Finding construction suppliers that know how to get the job done can be tough. Ask any project manager the same question and they’ll tell you the exact same thing.
You would think that technology has helped streamline this process, which it has in certain aspects, but it’s also made the choice of sourcing a decent supplier a lot more difficult.
Our aim in this post is to provide you with everything you need to find a supplier that you can rely on again and again, hopefully.
To do this, we’re going to look at the supplier selection process, a multi-stage method that many project managers use to decide on a quality supplier. Later, we’ll also look at some general supplier-based questions you need to be asking yourself before making a decision.
Let’s get going.
What is Supplier Selection?
Supplier selection helps project managers find construction suppliers that provide necessary goods and services. It’s a process that ensures suppliers are qualified, evaluating them on various aspects to determine the best fit for the project at hand.
“The main objective of the supplier selection process is to reduce purchase risk, maximize overall value to the purchaser, and develop closeness and long-term relationships between buyers and suppliers.” – Procedia Manufacturing Journal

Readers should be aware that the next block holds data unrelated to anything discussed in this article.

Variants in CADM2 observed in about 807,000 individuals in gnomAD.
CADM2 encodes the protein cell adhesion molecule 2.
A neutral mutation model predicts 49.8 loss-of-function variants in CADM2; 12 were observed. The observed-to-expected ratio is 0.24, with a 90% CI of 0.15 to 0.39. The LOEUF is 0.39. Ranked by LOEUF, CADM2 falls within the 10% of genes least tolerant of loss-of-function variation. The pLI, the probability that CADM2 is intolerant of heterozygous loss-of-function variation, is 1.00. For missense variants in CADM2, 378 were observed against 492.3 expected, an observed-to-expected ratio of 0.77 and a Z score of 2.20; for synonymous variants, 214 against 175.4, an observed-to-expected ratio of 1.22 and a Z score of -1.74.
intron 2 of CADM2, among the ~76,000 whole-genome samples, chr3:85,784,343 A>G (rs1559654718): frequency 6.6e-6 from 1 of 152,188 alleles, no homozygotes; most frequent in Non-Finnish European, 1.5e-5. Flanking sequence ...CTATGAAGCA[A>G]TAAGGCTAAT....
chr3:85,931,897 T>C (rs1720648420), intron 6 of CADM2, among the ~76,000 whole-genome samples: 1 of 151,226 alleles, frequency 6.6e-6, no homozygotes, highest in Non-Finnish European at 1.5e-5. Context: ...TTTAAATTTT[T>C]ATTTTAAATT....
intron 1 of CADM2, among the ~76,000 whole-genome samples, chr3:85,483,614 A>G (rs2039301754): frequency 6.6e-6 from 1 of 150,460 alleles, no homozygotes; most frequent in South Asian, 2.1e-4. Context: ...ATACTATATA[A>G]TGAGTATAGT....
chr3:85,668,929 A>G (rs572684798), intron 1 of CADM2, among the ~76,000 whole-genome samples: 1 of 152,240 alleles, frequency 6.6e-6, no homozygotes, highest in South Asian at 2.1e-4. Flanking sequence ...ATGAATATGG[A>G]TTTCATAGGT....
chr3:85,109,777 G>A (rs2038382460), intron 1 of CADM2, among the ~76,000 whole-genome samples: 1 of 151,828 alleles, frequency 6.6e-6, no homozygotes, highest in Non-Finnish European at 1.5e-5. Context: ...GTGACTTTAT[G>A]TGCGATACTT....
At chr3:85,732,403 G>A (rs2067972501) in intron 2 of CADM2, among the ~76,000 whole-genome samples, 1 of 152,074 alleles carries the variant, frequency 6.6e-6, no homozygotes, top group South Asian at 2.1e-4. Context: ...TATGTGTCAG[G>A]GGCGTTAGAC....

The supplier selection process consists of multiple sections, each filtering through a range of suppliers before highlighting a clear-cut winner. Think of it as a sort of funnel, where each stage gets smaller and smaller as you decide who would work better and who wouldn’t.
The funnel looks a little something like this:
Evaluation & Selection
Identification: All Available Suppliers
During the first stage of the supplier selection process you need to identify as many relevant construction suppliers as possible. This might seem simple, but this can take time depending on the size and scale of the project.
Try to keep an open mind during this stage when sourcing potential suppliers. Sure, there are big name suppliers you should include, but there are always new options that could perform the task in the exact same way, if not cheaper.
There are various ways to find potential suppliers:
Peer recommendations: Ask those in similar circles who they've worked with prior and who they think would work.
Independent search: The internet is a bottomless pit for relevant information if you want to see which suppliers are out there.
Industry directories: Trade publications and associations that publish supplier directories are a great place to look also.
Procurement consultants: For specialty projects, it might be worth speaking with a RFP consultant who can find what you’re looking for.
Qualification: Select a Shortlist
Once you have a pool of construction suppliers to choose from, your next step will be to filter your list down.
The goal here is to be as clinical as possible, using your own project requirements, where they might be located in the world, and all kinds of additional factors as a sort of baseline. Ideally, you should want to end up with around 10 suppliers at the end of this stage in the supplier selection process.